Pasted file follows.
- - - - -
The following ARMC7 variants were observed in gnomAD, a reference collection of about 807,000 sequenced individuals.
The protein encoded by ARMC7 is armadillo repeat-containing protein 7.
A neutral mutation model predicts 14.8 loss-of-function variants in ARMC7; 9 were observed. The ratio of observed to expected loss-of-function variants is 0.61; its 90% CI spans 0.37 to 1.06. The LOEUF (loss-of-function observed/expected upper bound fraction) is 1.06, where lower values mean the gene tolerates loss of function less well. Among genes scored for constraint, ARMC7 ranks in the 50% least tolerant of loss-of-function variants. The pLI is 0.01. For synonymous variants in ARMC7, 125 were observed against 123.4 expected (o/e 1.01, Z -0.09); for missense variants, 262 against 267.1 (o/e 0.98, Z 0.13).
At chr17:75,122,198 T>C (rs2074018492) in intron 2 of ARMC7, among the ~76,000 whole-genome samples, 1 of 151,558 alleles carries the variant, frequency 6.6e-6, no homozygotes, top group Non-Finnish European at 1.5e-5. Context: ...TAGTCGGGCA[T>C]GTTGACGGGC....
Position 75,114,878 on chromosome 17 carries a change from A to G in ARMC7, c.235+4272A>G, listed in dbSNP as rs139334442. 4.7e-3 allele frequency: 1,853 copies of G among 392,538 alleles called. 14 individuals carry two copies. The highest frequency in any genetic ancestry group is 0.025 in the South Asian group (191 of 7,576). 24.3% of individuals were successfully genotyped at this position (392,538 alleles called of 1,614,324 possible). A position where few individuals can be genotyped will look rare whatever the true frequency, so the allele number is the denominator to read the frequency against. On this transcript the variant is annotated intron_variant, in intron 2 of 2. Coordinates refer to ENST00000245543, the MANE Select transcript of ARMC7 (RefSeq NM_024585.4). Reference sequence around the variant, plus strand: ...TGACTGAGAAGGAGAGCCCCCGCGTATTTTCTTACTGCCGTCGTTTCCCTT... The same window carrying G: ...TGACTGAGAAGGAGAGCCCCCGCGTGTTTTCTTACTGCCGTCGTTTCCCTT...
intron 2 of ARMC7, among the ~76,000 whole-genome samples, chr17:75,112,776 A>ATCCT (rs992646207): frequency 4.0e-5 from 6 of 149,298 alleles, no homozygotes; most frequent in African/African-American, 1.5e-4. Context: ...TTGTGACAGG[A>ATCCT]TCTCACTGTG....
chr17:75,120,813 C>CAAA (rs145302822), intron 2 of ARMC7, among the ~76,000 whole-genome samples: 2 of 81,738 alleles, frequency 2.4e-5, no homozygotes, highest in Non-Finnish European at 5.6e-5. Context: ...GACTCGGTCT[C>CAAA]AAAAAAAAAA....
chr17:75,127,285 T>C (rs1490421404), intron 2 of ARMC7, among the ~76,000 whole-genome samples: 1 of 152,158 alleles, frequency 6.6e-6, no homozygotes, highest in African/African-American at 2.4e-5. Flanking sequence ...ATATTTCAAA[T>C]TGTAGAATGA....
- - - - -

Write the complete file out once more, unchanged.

The following ARMC7 variants were observed in gnomAD, a reference collection of about 807,000 sequenced individuals.
The protein encoded by ARMC7 is armadillo repeat-containing protein 7.
A neutral mutation model predicts 14.8 loss-of-function variants in ARMC7; 9 were observed. The ratio of observed to expected loss-of-function variants is 0.61; its 90% CI spans 0.37 to 1.06. The LOEUF (loss-of-function observed/expected upper bound fraction) is 1.06, where lower values mean the gene tolerates loss of function less well. Among genes scored for constraint, ARMC7 ranks in the 50% least tolerant of loss-of-function variants. The pLI is 0.01. For synonymous variants in ARMC7, 125 were observed against 123.4 expected (o/e 1.01, Z -0.09); for missense variants, 262 against 267.1 (o/e 0.98, Z 0.13).
At chr17:75,122,198 T>C (rs2074018492) in intron 2 of ARMC7, among the ~76,000 whole-genome samples, 1 of 151,558 alleles carries the variant, frequency 6.6e-6, no homozygotes, top group Non-Finnish European at 1.5e-5. Context: ...TAGTCGGGCA[T>C]GTTGACGGGC....
Position 75,114,878 on chromosome 17 carries a change from A to G in ARMC7, c.235+4272A>G, listed in dbSNP as rs139334442. 4.7e-3 allele frequency: 1,853 copies of G among 392,538 alleles called. 14 individuals carry two copies. The highest frequency in any genetic ancestry group is 0.025 in the South Asian group (191 of 7,576). 24.3% of individuals were successfully genotyped at this position (392,538 alleles called of 1,614,324 possible). A position where few individuals can be genotyped will look rare whatever the true frequency, so the allele number is the denominator to read the frequency against. On this transcript the variant is annotated intron_variant, in intron 2 of 2. Coordinates refer to ENST00000245543, the MANE Select transcript of ARMC7 (RefSeq NM_024585.4). Reference sequence around the variant, plus strand: ...TGACTGAGAAGGAGAGCCCCCGCGTATTTTCTTACTGCCGTCGTTTCCCTT... The same window carrying G: ...TGACTGAGAAGGAGAGCCCCCGCGTGTTTTCTTACTGCCGTCGTTTCCCTT...
intron 2 of ARMC7, among the ~76,000 whole-genome samples, chr17:75,112,776 A>ATCCT (rs992646207): frequency 4.0e-5 from 6 of 149,298 alleles, no homozygotes; most frequent in African/African-American, 1.5e-4. Context: ...TTGTGACAGG[A>ATCCT]TCTCACTGTG....
chr17:75,120,813 C>CAAA (rs145302822), intron 2 of ARMC7, among the ~76,000 whole-genome samples: 2 of 81,738 alleles, frequency 2.4e-5, no homozygotes, highest in Non-Finnish European at 5.6e-5. Context: ...GACTCGGTCT[C>CAAA]AAAAAAAAAA....
chr17:75,127,285 T>C (rs1490421404), intron 2 of ARMC7, among the ~76,000 whole-genome samples: 1 of 152,158 alleles, frequency 6.6e-6, no homozygotes, highest in African/African-American at 2.4e-5. Flanking sequence ...ATATTTCAAA[T>C]TGTAGAATGA....